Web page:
Rumi – I do not know myself

 

 

What is to be done, O Muslims? for I do not know myself.

I am neither Christian, nor Jew, nor Magian, nor Muslim.
I am not of the East, nor of the West, nor of the land, nor of the sea;
I am not of Nature’s quarry, nor of the heaven circling above.
I am not made of earth, nor of water, nor of wind, nor fire;
nor of the Divine Throne, nor the carpet, nor the cosmos, nor mineral.
I am not from India, nor China, nor Bulgaria, nor Turkestan;
I am not from the kingdom of the two Iraqs, nor from the earth of Khurasan.
Neither of this world, nor the next, I am, nor of Heaven, nor of Hell;
Nor from Adam, nor from Eve, nor from Eden nor Rizwan.
My place is the Placeless, my trace is the Traceless;
‘Tis neither body nor soul, for I myself am the Beloved.
I have cast aside duality, I have seen the two worlds as one;
One I seek, One I know, One I see, One I say.

 

He is the First, He is the Last, He is the Outward, He is the Inward;
I know no one other than He, none but he who is He
Drunk with Love’s cup, the two worlds have been lost to me;
I have no business save carouse and revelry.
If once in my life I spent a moment without you,
From that time and from that hour I repent of my life.
If once in this retreat I win a moment with you,
I will trample on both worlds, and dance in ecstasy
O Shams of Tabriz, I am so drunk in this world,
That except for drunkenness and revelry, I have no tale to tell.

 

Original:

چه تدبیر ای مسلمانان که من خود را نمیدانم
نه ترسا و یهودیم نه گبرم نه مسلمانم

نه شرقیم نه غربیم نه بریم نه بحریم
نه ارکان طبیعیم نه از افلاک گردانم

نه از خاکم نه از بادم نه از ابم نه از اتش
نه از عرشم نه از فرشم نه از کونم نه از کانم

نه ازهندم نه از چینم نه از بلغار و سقسینم
” نه از مـلک عراقـینم نه از خـاک خراسانم

نه از دنیا نه از عقبی نه از جنت نه از دوزخ
نه از ادم نه از حوا نه از فردوس رضوانم

مکانم لا مکان باشد نشانم بی نشان باشد
نه تن باشد نه جان باشد که من از جان جانانم

دویی از خود بیرون کردم یکی دیدم دو عالم را
یکی جویم یکی گویم یکی دانم یکی خوانم

هو الاول هوالاخر هو الظاهر هو الباطن
بغیر از هو و یا من هو دیگر چیزی نمی دانم

ز جام عشق سرمستم دو عالم رفت از دستم
بجز رندی و قلاشی نباشد هیچ سامانم

اگر در عمر خود روزی دمی بی او بر اوردم
از ان وقت و از ان ساعت ز عمر خود پشیمانم

الا ای شمس تبریزی چنان مستم در ین عالم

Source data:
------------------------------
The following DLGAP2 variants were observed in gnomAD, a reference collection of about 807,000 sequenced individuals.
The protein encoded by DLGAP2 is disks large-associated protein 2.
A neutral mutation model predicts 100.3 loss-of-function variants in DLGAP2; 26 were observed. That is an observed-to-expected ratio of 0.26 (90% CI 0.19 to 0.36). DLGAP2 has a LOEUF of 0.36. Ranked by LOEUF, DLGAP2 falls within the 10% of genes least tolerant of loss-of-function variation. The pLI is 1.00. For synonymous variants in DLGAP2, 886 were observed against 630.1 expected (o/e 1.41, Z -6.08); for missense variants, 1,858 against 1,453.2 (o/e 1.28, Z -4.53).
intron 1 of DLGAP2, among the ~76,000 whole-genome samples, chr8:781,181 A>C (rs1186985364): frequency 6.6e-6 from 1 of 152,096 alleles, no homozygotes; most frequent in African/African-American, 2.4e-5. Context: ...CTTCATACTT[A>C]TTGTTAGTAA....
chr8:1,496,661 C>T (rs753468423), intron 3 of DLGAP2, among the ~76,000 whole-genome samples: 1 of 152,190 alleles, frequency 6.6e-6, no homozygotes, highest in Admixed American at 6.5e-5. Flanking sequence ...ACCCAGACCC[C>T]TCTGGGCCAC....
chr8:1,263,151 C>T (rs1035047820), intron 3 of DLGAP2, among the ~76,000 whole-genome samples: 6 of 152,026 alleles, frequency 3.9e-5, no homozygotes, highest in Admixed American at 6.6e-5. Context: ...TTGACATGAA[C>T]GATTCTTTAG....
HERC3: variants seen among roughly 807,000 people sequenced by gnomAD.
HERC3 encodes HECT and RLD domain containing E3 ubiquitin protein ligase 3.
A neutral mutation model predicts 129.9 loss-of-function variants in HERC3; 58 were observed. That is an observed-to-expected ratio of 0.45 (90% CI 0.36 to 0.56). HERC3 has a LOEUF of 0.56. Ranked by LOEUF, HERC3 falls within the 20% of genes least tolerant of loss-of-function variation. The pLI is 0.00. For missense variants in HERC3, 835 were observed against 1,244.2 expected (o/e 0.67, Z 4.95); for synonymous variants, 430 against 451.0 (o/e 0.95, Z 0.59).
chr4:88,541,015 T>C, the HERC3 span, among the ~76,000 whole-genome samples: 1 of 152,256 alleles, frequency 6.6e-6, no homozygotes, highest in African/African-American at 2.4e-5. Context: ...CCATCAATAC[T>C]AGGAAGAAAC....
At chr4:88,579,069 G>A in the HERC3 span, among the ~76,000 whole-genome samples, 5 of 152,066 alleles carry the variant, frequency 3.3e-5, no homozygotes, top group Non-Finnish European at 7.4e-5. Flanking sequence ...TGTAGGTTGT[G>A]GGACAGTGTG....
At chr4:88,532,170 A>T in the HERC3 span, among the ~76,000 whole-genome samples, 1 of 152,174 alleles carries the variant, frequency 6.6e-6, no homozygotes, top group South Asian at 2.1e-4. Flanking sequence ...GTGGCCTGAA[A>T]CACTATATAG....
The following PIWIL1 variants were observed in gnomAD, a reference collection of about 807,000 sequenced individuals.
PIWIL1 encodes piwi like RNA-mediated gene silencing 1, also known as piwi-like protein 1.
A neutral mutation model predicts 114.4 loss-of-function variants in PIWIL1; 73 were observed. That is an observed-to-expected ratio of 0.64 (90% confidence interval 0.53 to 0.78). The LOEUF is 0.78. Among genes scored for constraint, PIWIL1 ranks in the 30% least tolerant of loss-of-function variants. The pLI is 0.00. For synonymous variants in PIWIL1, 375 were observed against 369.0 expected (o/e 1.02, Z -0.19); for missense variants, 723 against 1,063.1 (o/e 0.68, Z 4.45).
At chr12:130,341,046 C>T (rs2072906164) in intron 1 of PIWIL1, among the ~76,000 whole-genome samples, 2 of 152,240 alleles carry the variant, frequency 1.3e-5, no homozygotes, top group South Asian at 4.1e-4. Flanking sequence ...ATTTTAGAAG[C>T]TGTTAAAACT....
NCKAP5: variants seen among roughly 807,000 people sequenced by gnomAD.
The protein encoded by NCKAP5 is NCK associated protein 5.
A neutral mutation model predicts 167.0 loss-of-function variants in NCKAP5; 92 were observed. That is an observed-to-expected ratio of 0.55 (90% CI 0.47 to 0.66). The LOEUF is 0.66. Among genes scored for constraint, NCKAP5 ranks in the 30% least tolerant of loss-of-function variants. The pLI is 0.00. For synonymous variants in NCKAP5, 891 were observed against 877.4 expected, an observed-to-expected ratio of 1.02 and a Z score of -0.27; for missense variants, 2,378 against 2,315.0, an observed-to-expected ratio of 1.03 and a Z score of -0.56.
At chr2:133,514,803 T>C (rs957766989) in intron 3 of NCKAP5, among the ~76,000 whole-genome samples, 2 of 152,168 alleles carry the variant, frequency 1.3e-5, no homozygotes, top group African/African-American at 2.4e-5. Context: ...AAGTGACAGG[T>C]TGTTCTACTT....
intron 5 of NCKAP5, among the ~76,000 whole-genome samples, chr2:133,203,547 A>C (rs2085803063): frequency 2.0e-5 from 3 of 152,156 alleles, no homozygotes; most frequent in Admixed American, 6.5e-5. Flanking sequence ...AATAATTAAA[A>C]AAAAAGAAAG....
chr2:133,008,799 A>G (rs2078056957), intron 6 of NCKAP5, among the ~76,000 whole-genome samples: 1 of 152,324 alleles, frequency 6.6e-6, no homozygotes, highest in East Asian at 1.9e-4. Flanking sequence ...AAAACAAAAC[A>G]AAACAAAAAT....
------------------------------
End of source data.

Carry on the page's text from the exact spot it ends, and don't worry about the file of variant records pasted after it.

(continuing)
که جز مستی و قلاشی نباشد هیچ درمانم

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5 thoughts on “Rumi – I do not know myself

  1. Thank you – and Rumi – and…
    I use this piece quite often as an introduction to help people understand the Mystical Masterpiece The Ruba’iya’t of Omar Khayya’m as translated and adapted by the anglo-irish genius Edward FitzGerald 1809 – 1883 from Suffolk UK.
    Enlightening and entertaining it is a poem of Genius awakening Genius – a poem of Light delighting in Light – of Being in Love.

  2. Not a reply to the above, but … update needed!
    This is probably my favourite of Rumi’s short poems in his “Divān-e Shams-e Tabrizi”.
    Unfortunately, although present in the English translation, in the original Persian version posted above, after ” نه از عرشم نه از فرشم نه از کونم نه از کانم ”
    two lines have gone missing from the text:
    نه ازهندم نه از چینم نه از بلغار و سقسینم ”
    ” نه از مـلک عراقـینم نه از خـاک خراسانم
    “I am not from India, nor China, nor Bulgaria, nor Turkestan;
    I am not from the kingdom of the two Iraqs, nor from the earth of Khurasan.”
    In the line below, “donyā” (the world) is spelt [ دنیا ] not [ دنیی ].
    `//:-{)≈ AwA

  3. I have not found this poem in Divan-e Shams. If you can cite which publication and poem number, that would be appreciated. It appears to sound like Rumi and has elements of ideas prevalent in his poetry, however there are stylistic issues as well as anachronistic word usage which point to not being his – besides not being included in any collection of his works. For example, it reminds one of ghazal #2309 which is actually quite well known :
    گفتم ز کجایی تو تسخر زد و گفت ای جان
    نیمیم ز ترکستان نیمیم ز فرغانه
    نیمیم ز آب و گل نیمیم ز جان و دل
    نیمیم لب دریا نیمی همه دردانه
    Of course, such things are not uncommon, and by far, Attar has numerous works (not just poems) attributed to him that are not his. However, it would be appropriate to cite sources accurately, if they in fact exist.

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